How do I Buy an Oscilloscope?

How do I buy an oscilloscope? If you’re asking this question, it means you’re ready for an upgrade. 

Multimeters are good but oscilloscopes are a step above. As far as tracking voltage and fixing wonky circuits are concerned, they’re the best at what they do. But before we dive in, just know that an oscilloscope is an investment. A good quality scope can cost a lot, make no mistake, it’s worth it. 

We’ll cover the reasons why that is later on but first, a quick definition.

What is an Oscilloscope?

An oscilloscope is a tool used to track changes in voltage over time by displaying electronic signals as waveforms. They’re typically used by electronic technicians and engineers, but believe us when we say there’s a whole host of professions which use oscilloscopes  on a regular basis.

There are two types: analog and digital. As you can guess, digital ‘scopes are the more modern model. But both types definitely have their distinct advantages.

We’ll leave it at that, but you can always check what is an oscilloscope, for a more in-depth definition. 

What is an Oscilloscope?

Questions to Consider Before You Go Shopping

Before you start scouring the internet for options, we highly recommend knowing what you want from your oscilloscope. 

Maybe you’re looking to measure more signals. Maybe you need to accurately measure the time between circuit changes. Or maybe you simply need a more refined system for troubleshooting?

Whatever the case is, it’s a good idea to get all your expectations and requirements down on a piece of paper—or, at the very least, somewhere visible. This way, you can just match the specs of each ‘scope you’re considering against your personal checklist.

Here are a couple questions to think about regarding the oscilloscope you want:

  • Where are you going to use this oscilloscope?
  • How portable do you need it to be?
  • What’s the highest frequency signal you’re planning to measure?
  • What are the highest and lowest amplitude signals you’re planning to measure?
  • How many signals are you planning to measure in a day?

Once you’ve got most (or all) of the questions answered, you can then dive into the more technical aspects of your intended purchase.

Things to Consider When Buying an Oscilloscope

There are a few things to consider when choosing an oscilloscope. Obviously, different models will have different specs. If you want to choose a ‘scope that best suits your needs, you’ll need to (1) understand what you’re looking at, and (2) know what you’re looking for.

Analog or Digital?

As we mentioned earlier, there are two types of oscilloscopes: analog and digital. Newer oscilloscope models—that is to say, those manufactured after 1995—are usually digital. Very few modern manufacturers still produce analog ‘scopes.

Hantek DSO5202B Digital Storage Oscilloscope

Analog Oscilloscopes

When asking yourself, how do I buy an oscilloscope, at first glance, the analog oscilloscope doesn’t look all that different from digital oscilloscope. In fact, to an untrained eye, it might look similar (if not just a tad bit bigger). The key ferences lie largely in their hardware and performance.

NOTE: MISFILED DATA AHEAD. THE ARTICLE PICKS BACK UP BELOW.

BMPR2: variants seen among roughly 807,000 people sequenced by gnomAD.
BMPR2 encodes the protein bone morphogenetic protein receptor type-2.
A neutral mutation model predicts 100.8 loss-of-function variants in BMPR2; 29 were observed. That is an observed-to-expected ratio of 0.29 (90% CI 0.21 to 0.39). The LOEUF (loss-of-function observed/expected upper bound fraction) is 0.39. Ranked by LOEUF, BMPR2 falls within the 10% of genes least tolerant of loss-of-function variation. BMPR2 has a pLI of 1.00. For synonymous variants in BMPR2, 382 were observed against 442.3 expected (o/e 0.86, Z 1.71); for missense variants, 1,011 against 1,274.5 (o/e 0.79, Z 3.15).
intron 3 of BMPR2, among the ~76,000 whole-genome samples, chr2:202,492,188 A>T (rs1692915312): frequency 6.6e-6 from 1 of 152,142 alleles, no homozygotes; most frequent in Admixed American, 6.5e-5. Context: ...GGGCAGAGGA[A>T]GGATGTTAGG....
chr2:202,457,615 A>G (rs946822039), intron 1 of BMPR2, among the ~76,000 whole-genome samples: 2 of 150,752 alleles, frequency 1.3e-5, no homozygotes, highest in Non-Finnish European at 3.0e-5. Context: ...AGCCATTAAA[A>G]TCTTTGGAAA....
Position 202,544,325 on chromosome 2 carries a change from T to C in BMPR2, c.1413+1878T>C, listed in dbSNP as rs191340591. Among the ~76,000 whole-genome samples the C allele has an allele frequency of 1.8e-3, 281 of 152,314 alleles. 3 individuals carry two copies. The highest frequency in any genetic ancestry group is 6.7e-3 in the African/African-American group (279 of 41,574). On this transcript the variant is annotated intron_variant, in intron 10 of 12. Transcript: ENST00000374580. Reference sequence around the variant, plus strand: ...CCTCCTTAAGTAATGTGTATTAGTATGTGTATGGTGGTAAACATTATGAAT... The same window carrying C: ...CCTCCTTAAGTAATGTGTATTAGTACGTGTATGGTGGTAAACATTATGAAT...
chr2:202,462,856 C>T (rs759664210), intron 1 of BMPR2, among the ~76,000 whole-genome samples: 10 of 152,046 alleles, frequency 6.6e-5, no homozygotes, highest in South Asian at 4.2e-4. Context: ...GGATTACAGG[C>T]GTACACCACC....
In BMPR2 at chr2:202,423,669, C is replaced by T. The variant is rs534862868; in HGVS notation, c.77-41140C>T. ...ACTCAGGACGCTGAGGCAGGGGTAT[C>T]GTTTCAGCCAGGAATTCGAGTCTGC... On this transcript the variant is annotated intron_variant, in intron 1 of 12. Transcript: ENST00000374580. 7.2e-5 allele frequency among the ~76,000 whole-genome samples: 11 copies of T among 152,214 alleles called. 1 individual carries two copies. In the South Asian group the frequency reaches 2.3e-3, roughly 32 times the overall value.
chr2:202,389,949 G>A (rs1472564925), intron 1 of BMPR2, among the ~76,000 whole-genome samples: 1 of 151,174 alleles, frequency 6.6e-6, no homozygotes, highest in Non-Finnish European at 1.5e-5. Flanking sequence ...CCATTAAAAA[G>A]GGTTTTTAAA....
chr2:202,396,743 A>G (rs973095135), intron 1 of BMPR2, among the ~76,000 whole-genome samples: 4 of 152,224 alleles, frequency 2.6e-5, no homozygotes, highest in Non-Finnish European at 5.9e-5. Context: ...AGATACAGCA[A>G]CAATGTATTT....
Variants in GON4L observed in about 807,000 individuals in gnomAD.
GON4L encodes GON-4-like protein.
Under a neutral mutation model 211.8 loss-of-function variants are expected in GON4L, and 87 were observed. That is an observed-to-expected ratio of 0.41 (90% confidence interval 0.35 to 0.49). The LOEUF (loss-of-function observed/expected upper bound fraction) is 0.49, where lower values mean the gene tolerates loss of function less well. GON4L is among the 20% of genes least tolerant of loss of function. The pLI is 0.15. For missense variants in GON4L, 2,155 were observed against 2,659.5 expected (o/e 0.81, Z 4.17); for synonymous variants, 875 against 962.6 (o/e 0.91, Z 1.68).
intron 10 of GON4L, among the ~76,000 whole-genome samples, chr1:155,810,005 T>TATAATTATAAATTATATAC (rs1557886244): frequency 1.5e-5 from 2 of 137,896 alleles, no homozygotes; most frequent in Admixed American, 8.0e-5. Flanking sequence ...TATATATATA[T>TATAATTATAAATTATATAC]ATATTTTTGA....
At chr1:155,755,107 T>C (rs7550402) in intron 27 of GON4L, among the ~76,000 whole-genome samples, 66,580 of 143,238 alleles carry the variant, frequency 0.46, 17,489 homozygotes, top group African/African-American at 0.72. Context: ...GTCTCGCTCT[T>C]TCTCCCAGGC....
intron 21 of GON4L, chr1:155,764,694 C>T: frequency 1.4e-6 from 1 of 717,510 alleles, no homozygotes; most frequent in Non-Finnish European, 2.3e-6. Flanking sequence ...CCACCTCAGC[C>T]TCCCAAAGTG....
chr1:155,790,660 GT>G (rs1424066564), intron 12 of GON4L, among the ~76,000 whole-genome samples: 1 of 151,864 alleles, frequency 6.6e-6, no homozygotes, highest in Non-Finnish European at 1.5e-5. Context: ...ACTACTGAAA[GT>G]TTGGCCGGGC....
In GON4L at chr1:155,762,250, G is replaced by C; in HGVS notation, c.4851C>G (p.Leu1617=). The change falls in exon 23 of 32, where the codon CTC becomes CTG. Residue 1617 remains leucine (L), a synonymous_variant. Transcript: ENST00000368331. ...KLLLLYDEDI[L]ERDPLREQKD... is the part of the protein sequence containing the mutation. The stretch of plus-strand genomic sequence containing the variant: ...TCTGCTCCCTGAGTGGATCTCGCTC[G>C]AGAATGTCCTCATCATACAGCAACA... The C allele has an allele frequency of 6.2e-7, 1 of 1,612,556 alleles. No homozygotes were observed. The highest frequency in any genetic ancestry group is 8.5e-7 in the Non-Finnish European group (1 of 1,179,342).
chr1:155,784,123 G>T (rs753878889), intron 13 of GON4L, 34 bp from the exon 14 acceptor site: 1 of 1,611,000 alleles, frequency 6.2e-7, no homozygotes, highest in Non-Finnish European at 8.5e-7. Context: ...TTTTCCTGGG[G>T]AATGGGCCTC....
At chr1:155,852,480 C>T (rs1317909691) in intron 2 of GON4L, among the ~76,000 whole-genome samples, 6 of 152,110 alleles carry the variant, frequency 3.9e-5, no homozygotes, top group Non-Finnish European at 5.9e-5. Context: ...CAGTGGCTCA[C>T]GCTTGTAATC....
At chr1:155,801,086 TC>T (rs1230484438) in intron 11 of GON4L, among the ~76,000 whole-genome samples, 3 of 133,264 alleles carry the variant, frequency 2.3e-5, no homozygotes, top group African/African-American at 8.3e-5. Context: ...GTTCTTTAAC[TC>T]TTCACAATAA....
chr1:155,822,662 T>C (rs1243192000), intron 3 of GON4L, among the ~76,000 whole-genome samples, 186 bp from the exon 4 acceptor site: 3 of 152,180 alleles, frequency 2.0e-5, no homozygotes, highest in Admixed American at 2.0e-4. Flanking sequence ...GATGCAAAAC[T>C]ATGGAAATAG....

Analog oscilloscopes:

  • Display waveforms on a green cathode ray tube (CRT)
  • Control X- and Y- axis using a sawtooth wave generator and high-gain amplifiers
  • Have a threshold detector as a trigger system (which also resets the sawtooth generator)
  • Don’t use pixels and have no defined resolution
  • Also come equipped with a vertical channel, a horizontal channel, a time base, and a CRT module

These ‘scopes display waveforms on a CRT screen using high gain amplifiers. The CRT’s deflection circuits cause the electron to sort of ‘sweep’ the phosphor inside the tube’s face to give an accurate reading. They also have two channels—the horizontal and vertical—that come equipped with different features and modes.

  • Vertical Channel: an attenuator, a preamplifier, an analog delay line, and a vertical amplifier
  • Horizontal Channel: an internal work mode, an external work mode
Digital Oscilloscopes
JYETECH-DSO150-200KHz-Oscilloscope-DSO-Shell How do I buy an oscilloscope?
JYETECH DSO150 200KHz Oscilloscope

Digital oscilloscopes, as far as visuals are considered, might look a little sleeker (and a little less intimidating) than analog models. However, as mentioned earlier, physical differences aren’t visibly noticeable at first glance.

Aside from being lighter and more portable, digital oscilloscopes also:

  • Use an ADC to sample the input
  • Have a small computer and LCD monitor to plot the samples (earlier models use CRT, like analog ‘scopes)
  • Capable of mathematical operations like FFT
  • Can provide on-screen measurements, storage, and even printing
  • Have higher bandwidths than analog ‘scopes

Basically, digital models are more intuitive and responsive. They suit the modern user perfectly due to all the neat little tricks packed in their tiny frame—like single measurement period plotting, on-screen measurement displays, and actual mathematical operations.